Later when as a result of Bengali Renaissance a new class of eager to explore Indian sahibs or brown sahibs came into existence, the demand for these fillets became high. The Indians after their higher studies in West, came back with a taste for Western dishes and demanded them in their own home kitchen. The Bawarchees, mostly the muslims of Midnapore, Mogs of Chattagram and Domingos started marinating them in Indian spices, breading and frying them for evening snacks. Thus were born many new dishes like Fish fry, Kobiraji or Coverage, Prawn cutlets, Chops (from Rissole) etc.

Similarly in the 'Other Kitchen' of the Brown Sahib that belonged to her wife or widowed mother, similar dishes were being invented with pure Vegetarian preferences. Banana flower, raw jackfruits were used to make chops of various kinds to satisfy the palate of the puritans.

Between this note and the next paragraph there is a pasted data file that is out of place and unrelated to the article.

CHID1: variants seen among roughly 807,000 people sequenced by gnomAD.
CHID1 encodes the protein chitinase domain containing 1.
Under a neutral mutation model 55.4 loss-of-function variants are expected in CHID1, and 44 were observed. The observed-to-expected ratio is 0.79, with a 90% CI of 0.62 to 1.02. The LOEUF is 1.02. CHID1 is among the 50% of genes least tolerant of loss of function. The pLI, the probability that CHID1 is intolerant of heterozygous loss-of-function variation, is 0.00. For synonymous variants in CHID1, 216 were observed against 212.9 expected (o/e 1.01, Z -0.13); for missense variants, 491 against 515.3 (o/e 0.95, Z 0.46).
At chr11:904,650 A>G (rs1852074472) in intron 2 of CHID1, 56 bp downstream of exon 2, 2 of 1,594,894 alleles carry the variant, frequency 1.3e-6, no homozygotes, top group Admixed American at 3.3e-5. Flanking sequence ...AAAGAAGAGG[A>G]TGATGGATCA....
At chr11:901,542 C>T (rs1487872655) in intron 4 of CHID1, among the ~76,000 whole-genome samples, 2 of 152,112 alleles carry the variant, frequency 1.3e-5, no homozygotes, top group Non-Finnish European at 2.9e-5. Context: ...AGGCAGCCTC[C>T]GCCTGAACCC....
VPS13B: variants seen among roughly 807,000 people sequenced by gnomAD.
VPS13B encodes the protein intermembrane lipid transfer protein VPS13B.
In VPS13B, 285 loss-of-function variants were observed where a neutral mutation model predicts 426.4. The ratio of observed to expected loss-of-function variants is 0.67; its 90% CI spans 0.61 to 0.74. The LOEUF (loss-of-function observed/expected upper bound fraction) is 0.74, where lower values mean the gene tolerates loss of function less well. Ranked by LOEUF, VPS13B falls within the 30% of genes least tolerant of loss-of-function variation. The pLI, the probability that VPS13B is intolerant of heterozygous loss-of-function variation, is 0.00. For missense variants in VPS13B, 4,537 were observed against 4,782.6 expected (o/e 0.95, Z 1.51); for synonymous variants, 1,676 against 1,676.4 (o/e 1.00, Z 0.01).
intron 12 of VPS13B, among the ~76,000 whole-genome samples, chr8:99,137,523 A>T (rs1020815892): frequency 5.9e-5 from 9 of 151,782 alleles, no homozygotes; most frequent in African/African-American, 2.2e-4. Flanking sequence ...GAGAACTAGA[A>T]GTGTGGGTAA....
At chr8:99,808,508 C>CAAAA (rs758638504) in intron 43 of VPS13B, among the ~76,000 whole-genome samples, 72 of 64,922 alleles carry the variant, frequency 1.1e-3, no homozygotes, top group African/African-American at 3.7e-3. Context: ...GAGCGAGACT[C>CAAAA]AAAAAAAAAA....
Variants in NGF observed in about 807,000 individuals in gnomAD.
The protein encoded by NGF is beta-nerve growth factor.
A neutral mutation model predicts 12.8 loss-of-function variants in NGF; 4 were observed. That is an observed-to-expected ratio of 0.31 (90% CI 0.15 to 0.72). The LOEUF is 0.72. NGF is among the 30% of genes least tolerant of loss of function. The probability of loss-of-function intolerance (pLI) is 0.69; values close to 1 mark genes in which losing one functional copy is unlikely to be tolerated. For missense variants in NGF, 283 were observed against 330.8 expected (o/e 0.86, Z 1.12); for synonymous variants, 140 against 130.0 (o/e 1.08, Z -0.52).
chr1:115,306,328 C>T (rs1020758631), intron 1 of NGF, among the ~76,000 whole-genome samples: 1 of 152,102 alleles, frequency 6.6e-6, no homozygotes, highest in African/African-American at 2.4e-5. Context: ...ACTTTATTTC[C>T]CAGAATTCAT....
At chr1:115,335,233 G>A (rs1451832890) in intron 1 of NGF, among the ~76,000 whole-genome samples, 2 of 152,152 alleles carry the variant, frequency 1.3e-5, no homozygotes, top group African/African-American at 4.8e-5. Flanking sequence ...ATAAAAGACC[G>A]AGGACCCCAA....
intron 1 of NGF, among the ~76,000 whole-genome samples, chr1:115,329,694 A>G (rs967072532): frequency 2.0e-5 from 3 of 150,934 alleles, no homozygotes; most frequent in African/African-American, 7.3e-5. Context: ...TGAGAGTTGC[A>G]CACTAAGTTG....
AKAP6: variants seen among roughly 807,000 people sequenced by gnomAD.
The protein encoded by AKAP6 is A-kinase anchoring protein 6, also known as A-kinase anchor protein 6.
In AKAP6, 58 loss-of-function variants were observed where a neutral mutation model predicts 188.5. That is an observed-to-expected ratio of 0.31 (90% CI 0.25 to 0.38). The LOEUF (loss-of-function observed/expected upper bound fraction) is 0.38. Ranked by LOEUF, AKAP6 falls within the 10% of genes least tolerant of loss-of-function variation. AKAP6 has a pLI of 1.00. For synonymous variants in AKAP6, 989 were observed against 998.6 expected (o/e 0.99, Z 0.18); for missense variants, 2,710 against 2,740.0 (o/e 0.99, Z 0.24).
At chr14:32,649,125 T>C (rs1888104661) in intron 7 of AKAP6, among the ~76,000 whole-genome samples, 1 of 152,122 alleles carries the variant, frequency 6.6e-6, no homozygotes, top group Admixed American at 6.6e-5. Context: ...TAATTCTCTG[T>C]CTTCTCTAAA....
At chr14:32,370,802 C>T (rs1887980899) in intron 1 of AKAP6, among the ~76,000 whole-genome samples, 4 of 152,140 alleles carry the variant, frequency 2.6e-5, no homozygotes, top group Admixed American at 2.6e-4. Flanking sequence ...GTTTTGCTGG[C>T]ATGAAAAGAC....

Mitra Cafe, founded in 1920 still bears that part of history and serve these hybrid dishes which is a big part of Bengali culinary map right now. This small almost 26 seater almost obscure place might look unappealing to some but it's specialty is the food that still talks for itself.

I saw this recipe on a Bengali channel where the owner of Mitra Cafe tought a few of his culinary gems with the viewers. I try to follow that everytime I cook fish fry and it gives me great results.

Fish Fry

Ingredients:
Bekti or any other white fish fillets: 300 gms
Marinade
Lemon juice: 1/2 tsp
Ginger garlic paste: 1 tbsp
Onion paste: 2 tsps
Green chili paste: 1/2 tsp
Pepper powder: 1/2 tsp
Mustard oil: 1 tbsp
sugar: a fat pinch
Ajinomoto: a fat pinch
Salt

Egg: 1

Bread crumbs for crumb coating
White oil: for deep frying

Method:
Thinly slice the fillets lengthwise and then cut them in half. It;s best if the fish mongers do that for you as that way you will get slices with even thickness. Or you can very well do it but make sure the knife you are using is big and very very sharp.